The Shadow of the White Rose: Edward Courtenay, Earl of Devonshire, 1526-1556

The Shadow of the White Rose: Edward Courtenay, Earl of Devonshire, 1526-1556

The Shadow of the White Rose: Edward Courtenay, Earl of Devonshire, 1526-1556

The Shadow of the White Rose: Edward Courtenay, Earl of Devonshire, 1526-1556

Excerpt

Edward Courtenay, the Earl of Devon, walked a fine line that separated treason and loyalty to the crown, just as several of his ancestors had done.

It became fairly clear to me, during this five-year project of reviewing the surviving correspondence to and from Courtenay and other documentation from the period, that what survives for the most part was allowed to survive. After Courtenay’s death, a report from the Council of Ten in Venice indicated that a large cache of his writings existed. The Council of Ten in Venice hired a carpenter to open the sealed box containing Courtenay’s literary remains and swore him to secrecy. After they reviewed the contents, they removed a certain quantity, replaced the remainder the way they were first discovered, and resealed the box. Many letters were never seen again.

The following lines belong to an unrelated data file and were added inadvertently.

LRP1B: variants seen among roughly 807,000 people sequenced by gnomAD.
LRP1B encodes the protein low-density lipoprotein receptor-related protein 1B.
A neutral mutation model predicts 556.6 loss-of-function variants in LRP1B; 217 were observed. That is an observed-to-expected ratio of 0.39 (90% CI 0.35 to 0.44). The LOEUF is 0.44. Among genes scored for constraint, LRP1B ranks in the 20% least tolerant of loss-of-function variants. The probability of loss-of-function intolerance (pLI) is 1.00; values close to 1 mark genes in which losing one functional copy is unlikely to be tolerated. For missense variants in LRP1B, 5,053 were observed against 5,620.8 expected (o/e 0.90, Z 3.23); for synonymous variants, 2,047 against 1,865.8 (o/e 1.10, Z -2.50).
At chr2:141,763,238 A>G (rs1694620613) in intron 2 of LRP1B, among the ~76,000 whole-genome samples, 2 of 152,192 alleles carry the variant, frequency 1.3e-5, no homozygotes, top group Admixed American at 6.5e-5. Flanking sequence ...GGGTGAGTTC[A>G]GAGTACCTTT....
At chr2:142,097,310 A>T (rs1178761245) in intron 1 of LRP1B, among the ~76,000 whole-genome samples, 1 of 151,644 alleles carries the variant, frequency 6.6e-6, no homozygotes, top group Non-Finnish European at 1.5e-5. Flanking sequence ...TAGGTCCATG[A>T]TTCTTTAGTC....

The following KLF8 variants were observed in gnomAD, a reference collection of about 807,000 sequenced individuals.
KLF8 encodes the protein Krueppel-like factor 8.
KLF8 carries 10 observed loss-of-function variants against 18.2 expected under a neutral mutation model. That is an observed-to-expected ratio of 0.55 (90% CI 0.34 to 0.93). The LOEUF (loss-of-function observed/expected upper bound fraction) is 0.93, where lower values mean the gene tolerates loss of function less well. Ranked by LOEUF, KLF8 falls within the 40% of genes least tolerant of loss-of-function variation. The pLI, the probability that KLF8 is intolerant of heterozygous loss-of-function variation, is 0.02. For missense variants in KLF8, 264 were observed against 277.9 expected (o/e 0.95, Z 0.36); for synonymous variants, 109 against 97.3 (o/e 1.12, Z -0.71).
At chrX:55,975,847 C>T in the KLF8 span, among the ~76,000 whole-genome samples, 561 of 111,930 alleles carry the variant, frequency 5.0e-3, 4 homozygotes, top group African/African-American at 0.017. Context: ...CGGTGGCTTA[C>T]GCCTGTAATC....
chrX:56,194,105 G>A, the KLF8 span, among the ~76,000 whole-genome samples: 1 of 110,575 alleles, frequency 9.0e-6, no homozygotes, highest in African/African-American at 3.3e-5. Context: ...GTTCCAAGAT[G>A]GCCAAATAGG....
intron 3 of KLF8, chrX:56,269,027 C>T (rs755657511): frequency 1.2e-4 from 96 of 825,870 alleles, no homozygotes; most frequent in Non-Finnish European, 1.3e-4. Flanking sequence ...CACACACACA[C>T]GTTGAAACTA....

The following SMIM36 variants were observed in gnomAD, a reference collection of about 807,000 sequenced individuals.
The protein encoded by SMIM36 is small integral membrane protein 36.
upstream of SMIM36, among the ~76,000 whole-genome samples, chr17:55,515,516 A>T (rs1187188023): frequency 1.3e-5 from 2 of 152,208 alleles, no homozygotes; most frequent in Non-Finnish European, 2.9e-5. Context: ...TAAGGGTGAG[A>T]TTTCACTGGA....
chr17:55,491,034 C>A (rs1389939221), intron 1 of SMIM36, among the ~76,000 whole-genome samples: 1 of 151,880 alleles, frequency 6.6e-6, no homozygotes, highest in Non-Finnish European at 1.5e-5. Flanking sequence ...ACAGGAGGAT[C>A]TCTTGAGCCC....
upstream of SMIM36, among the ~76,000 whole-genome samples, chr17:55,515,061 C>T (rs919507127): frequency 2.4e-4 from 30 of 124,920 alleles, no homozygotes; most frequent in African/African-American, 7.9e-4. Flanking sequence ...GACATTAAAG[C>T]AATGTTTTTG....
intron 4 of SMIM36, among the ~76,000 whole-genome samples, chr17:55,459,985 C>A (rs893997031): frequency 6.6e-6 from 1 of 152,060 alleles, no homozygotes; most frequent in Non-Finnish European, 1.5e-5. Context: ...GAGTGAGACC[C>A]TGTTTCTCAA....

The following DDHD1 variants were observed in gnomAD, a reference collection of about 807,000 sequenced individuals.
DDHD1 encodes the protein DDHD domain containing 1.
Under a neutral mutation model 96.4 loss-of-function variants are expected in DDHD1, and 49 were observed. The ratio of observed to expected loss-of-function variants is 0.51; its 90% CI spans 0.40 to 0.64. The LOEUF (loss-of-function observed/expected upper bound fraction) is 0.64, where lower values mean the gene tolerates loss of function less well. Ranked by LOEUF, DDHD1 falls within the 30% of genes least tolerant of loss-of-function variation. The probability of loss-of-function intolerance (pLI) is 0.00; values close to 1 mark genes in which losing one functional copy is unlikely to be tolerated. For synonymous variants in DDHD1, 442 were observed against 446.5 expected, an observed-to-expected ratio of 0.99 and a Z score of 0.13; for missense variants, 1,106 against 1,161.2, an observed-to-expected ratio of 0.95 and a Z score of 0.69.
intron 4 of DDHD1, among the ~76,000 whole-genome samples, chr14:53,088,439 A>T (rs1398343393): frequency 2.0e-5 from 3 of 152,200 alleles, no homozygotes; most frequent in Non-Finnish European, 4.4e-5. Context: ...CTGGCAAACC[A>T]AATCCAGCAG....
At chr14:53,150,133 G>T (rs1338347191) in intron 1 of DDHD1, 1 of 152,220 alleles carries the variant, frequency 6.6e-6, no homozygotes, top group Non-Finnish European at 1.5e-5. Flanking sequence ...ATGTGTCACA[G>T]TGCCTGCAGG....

It is safe to speculate that the letters the Council removed contained references to such important political or personal information that someone was willing to commit a crime to prevent their contents from ever being read. Certainly, the French would have had the greatest interest in those letters.

1. Mentioned in several letters from The Calendar of State Papers and Manuscripts relating to English Affairs, Venice Vol. VI 1556–1557 edited by Rawdon Brown.

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